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In 'Painted Veil,' China Is Ready for Its Close-Up

Every third film you see from China these days seems to feature the Forbidden Palace, but the rest of China is what's really forbidden, especially to foreign filmmakers. The Painted Veil lifts the veil a bit. Where the Greta Garbo version of W. Somerset Maugham's epic about a cholera epidemic was made on Hollywood backlots, the new Ed Norton/Naomi Watts version plunges deep into the heart of China -- the first Western film to do so in decades. It was made by U.S. filmmakers with a Chinese crew and will be exhibited in China as a Chinese film. The story of an emotionally distant doctor and his unfaithful wife is backed by some truly spectacular mountain vistas. The filmmakers set a lengthy sequence in an 800-year-old village that has not been touched by modernity, and Shanghai's colonial district even doubles for 1920s London. Sumptuous and smartly acted, The Painted Veil can be experienced as both a romantic wallow -- and a vivid travelogue.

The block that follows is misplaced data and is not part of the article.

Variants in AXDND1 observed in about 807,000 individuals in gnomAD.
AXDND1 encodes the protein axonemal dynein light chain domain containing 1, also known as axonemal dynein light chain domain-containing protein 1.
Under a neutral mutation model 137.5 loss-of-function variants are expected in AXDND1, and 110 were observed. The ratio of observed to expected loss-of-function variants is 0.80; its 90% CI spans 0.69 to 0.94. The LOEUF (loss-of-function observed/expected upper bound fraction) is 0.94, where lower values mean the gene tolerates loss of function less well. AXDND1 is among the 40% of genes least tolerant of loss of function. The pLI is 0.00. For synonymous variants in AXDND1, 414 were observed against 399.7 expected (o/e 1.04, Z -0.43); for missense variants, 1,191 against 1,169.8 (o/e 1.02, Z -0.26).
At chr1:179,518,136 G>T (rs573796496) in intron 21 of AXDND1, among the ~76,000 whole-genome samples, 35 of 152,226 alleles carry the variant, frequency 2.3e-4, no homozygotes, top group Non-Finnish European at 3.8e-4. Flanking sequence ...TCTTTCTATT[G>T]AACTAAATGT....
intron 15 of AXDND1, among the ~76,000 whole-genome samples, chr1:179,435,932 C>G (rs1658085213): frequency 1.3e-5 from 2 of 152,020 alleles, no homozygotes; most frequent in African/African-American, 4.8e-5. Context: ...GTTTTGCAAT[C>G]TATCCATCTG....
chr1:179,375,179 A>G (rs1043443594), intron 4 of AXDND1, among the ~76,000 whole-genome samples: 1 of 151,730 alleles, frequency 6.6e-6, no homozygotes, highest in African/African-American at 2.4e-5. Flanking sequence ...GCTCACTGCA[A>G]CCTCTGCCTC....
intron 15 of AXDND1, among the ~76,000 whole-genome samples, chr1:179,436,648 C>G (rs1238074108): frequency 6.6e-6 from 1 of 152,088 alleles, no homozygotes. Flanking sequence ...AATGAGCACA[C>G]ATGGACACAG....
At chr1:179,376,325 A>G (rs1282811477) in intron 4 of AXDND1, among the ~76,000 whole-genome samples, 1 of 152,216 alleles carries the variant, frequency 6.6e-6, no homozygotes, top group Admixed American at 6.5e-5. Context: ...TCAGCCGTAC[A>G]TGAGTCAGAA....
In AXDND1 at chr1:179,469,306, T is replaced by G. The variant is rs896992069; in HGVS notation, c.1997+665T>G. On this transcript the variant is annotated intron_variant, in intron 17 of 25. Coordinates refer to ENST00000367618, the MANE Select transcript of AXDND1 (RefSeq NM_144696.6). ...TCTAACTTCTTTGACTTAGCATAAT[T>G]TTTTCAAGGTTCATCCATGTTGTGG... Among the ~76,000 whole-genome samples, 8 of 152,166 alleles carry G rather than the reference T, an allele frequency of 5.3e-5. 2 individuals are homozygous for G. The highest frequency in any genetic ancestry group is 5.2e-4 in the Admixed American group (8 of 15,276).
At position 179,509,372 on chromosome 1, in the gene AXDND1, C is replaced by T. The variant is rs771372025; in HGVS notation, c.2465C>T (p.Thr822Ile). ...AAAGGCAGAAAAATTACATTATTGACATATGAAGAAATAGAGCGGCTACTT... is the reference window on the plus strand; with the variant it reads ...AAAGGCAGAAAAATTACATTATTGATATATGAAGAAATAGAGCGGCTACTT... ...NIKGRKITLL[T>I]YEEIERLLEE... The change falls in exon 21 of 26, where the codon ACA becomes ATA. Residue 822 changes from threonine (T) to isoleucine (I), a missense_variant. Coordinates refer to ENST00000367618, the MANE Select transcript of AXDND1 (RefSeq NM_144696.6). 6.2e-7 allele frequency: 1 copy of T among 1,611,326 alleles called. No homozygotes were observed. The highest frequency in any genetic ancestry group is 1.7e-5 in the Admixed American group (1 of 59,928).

Bob Mondello regularly reviews movies forAll Things Considered.

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